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2017-03-13

Koszyki and artists

Visit Hala Koszyki from 9 March to 20 April 2017 to experience an art exhibition by Mariola Przyjemska ("2015/2016") and a photo exhibition by Wojciech Gepner – both can be found on the upper floor.

Free admission

Mariola Przyjemska is among those artists who have shaped the Polish art in 1990s. She elaborated the theme of modern consumption and her latest works touch on urban and architectural issues. Her signature style prevailing from earlier works continues to be poster-flat paintings. The newest works provide a perspective on the growth of Warsaw's city centre in a way that is unusual among other artists of the recent years. She observes how her residential area is becoming developed more and more densely from her art studio at ONZ roundabout at the heart of Warsaw. The growing prices of city centre terrains invite more investors who focus on profits while locating their assets in more high-rise structures. The resulting urban zone is filled up with contrasts. Skyscrapers are winning the last free ground while residents are losing their public places and green zones. Przyjemska's paintings feature luxurious architecture positioned next to disorganised urban structure of old residential estates.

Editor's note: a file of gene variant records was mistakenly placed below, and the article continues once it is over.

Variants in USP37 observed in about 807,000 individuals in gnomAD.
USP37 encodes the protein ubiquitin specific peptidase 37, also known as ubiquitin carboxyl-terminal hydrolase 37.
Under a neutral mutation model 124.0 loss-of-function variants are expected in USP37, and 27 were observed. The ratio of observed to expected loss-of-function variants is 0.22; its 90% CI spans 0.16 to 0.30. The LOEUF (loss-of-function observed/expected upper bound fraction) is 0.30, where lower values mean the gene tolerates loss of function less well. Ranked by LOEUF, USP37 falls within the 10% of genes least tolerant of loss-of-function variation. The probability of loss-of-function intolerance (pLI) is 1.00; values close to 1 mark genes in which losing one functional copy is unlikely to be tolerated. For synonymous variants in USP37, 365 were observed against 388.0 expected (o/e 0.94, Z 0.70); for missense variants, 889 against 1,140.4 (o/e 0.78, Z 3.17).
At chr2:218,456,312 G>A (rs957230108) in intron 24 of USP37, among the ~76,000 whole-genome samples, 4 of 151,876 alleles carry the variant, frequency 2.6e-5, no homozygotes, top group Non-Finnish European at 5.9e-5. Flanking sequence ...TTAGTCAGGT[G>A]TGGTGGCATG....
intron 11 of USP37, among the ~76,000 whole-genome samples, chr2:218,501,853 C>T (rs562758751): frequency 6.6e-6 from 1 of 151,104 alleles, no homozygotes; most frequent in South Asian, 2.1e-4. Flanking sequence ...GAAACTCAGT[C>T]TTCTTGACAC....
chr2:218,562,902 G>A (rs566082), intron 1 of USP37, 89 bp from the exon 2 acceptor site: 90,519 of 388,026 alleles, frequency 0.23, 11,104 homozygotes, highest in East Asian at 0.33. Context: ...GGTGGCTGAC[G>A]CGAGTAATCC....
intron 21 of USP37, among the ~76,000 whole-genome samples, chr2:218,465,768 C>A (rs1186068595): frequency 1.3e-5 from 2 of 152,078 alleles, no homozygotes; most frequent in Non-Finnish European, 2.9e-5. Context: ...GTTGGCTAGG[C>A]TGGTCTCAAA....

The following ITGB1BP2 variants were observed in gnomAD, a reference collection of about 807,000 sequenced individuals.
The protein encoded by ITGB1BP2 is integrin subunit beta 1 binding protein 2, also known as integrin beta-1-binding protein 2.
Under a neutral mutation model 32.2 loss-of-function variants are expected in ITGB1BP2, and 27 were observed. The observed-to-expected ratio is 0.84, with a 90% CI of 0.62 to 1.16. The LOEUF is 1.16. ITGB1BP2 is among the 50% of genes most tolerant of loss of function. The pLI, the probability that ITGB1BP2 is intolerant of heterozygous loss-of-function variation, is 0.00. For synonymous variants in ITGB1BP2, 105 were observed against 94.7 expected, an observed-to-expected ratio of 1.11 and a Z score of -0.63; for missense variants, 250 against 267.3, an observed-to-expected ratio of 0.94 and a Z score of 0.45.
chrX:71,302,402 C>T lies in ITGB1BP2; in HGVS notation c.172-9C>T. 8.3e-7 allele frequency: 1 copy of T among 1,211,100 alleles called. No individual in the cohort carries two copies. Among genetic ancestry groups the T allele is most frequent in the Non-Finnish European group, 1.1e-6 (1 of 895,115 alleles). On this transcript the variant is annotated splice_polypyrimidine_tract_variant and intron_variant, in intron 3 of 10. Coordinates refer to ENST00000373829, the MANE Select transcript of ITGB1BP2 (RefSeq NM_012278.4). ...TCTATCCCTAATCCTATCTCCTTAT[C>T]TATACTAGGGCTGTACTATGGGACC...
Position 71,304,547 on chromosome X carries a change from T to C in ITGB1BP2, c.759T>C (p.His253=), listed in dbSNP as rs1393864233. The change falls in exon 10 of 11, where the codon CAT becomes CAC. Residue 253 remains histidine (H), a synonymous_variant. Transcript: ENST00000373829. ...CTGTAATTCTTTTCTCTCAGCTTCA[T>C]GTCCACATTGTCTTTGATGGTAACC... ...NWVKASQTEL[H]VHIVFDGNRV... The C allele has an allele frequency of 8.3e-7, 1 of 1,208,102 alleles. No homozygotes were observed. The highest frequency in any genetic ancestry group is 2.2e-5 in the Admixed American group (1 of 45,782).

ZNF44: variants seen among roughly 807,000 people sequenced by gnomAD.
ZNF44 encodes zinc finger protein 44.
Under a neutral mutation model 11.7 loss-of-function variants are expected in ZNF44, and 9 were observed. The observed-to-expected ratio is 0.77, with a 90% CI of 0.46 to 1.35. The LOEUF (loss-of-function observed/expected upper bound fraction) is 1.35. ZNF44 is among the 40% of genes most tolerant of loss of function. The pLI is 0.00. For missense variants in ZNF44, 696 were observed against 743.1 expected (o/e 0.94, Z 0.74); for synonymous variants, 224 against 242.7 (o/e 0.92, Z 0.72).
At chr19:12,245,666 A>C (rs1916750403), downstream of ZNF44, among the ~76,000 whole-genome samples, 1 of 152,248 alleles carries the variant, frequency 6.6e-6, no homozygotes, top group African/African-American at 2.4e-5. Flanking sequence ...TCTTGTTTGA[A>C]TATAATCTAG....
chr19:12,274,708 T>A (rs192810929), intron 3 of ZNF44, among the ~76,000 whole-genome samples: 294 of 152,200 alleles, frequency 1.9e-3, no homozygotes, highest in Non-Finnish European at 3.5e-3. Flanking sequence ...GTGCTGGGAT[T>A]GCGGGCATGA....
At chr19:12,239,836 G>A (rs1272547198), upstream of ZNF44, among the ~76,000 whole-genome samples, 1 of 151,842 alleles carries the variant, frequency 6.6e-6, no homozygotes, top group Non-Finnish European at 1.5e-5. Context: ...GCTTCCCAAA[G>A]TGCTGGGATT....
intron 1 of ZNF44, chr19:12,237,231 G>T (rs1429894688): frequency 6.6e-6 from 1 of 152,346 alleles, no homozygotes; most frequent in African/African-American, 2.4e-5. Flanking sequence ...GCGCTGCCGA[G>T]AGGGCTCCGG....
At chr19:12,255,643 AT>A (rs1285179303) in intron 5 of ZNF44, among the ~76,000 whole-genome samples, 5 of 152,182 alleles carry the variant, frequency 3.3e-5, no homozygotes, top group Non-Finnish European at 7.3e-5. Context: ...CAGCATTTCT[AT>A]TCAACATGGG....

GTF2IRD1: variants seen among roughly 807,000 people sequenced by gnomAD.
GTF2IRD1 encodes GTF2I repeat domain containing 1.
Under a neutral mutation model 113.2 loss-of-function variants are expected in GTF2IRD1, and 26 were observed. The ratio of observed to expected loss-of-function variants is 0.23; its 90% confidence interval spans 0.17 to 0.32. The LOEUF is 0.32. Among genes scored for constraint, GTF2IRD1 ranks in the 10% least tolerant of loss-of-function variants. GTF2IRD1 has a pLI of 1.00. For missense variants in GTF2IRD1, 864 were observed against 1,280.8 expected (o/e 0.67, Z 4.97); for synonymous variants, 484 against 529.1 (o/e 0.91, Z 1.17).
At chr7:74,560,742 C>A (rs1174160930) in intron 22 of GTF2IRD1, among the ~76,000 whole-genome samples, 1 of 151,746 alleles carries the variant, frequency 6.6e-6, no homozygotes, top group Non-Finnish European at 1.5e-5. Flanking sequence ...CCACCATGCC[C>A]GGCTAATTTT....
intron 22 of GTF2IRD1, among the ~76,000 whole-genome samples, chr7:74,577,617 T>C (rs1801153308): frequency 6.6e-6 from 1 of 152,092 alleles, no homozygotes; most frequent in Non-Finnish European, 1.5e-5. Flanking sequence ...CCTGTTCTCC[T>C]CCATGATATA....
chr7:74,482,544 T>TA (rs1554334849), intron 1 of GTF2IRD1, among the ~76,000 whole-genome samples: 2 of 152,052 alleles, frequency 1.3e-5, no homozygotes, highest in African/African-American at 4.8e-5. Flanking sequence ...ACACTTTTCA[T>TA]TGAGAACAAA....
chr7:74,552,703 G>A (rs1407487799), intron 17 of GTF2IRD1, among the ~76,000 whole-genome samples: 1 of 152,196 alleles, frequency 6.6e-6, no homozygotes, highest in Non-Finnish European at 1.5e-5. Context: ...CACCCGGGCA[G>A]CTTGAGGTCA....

Is the war for urban space turning the city centre into a business district and a luxury apartment zone? Will the less-earners be forced to move out from here?

Wojciech Gepner was born in 1966. He lives and works in Kielce. His genre is utility photography, topped with reportage and creative photography.
He uses various techniques, from camera obscura up to digital devices, from elementary photography up to advanced electronic editing. His works are focused on mood. He believes that the right climate is above all, even the shot composition, colours and sharpness of the picture...

He likes to take pictures of places which are off the busy zones, somewhere in backstreet areas and the country side. According to Gepner, only there one is able to find "a different perspective" on the plain, overly-polished and increasingly artificial reality. Purpose-oriented and very thought-out planning of the living space in the modern era is what residents and tourists love when visiting city centres that are highly orderly. But on the borders of the big cities and the civilization there starts poverty, poor quality and ugliness. Suburbs are filled with incidental and disorganised settings featuring buildings big and small, retail units, barracks, kiosks and structural extensions. Many have been erected without following any urban guidelines or administrative permits and create a jungle of formats and shapes worn, impaired and crooked. Indeed a charming book of anxiety. Incidental scattering and wealth of creations of such "joyful independence" make entire zones very interesting and even fascinating. This is the place of living, work, rest and stay of the lower circles of the society. Those with more ambitions take effort in making this unique infrastructure somewhat more appealing but their activity makes this urban enclave even more awkward and unsuccessful.  Freaky creatures are erected, often topped with private attempts at painting and epistolographic creativity. Kitsch merges with reality only to create a truly unique combination of beauty and ugliness. What has been barely attractive in the reality is becoming even more degraded.

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